Profile

Kalesh Karunakaran

Role

NTD Network Fellow

Speciality

Chemical biology/chemical proteomics

University/Institution

Chemistry Department, Durham University

Location

Durham, United Kingdom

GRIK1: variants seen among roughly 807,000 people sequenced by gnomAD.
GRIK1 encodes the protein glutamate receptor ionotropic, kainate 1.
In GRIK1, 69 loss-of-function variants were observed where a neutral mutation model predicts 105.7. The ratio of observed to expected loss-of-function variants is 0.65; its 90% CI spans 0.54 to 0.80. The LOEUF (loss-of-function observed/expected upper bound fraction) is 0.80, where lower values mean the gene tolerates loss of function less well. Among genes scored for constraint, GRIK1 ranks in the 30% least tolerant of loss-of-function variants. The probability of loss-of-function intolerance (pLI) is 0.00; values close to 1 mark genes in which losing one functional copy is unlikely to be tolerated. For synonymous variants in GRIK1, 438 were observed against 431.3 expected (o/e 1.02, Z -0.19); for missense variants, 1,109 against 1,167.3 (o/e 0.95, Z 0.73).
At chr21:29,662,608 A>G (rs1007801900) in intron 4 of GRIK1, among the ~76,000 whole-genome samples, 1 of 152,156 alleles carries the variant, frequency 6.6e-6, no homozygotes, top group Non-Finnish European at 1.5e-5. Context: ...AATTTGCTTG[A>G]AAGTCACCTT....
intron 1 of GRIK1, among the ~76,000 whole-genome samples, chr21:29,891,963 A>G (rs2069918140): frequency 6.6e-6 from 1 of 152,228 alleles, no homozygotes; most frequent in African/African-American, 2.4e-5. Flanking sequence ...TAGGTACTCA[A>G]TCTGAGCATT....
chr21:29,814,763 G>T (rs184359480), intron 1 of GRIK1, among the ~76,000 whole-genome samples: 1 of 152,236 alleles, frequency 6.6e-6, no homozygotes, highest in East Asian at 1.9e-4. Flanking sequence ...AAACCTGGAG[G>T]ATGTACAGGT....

Kalesh Karunakaran completed his MSc in Chemistry at the Indian Institute of Technology (IIT), Madras. He then pursued his PhD (received 2010) in Chemical Biology with Professor Yao Shao Qin at the National University of Singapore (NUS). His thesis focussed on the development of chemical tools, mainly using the activity-based protein profiling (ABPP) approach and rapid assembly of chemical compound libraries using the modular “click chemistry” approach, for the studies of protein kinases and protein phosphatases. Following his PhD, he joined in the R&D division of Albany Molecular Research Inc. (AMRI) Singapore as a senior research scientist and worked on the Medicinal chemistry and Structure-Activity-Relationship (SAR) studies of a number of inhibitor lead compounds in the company’s internal drug discovery programmes and gained experience in the integrated drug discovery process in the pharmaceutical industry. After a brief stint in the pharma industry, in 2012 he switched back to academic research with a Marie Curie individual fellowship from the European Research Agency and joined the research group of Professor Ed Tate in the Department of Chemistry of Imperial College London. Here he focussed on the development of chemical probes for the profiling of post-translational modifications arginine methylation and lysine succinylation and development of a competition-based ‘spike-in’ SILAC-quantitative chemical proteomics method for the target profiling of pharmacologically active natural products. In 2015, he joined the proteomics & mass-spectrometry group of Dr Peter DiMaggio in the Department of Chemical Engineering of Imperial College to work on a GSK-funded Engineered Medicines Laboratory project. Here he developed novel MS-chemical proteomics technologies for the study of intracellular ADP-ribosylation in cancer cells. In January 2019 he joined the Department of Chemistry of Durham University as an Assistant Professor (Research – GCRF NTD Research Fellow). His research interest is in developing and applying chemical biology and chemical proteomics methods for identifying and validating new drug targets for Leishmaniasis and Chagas disease.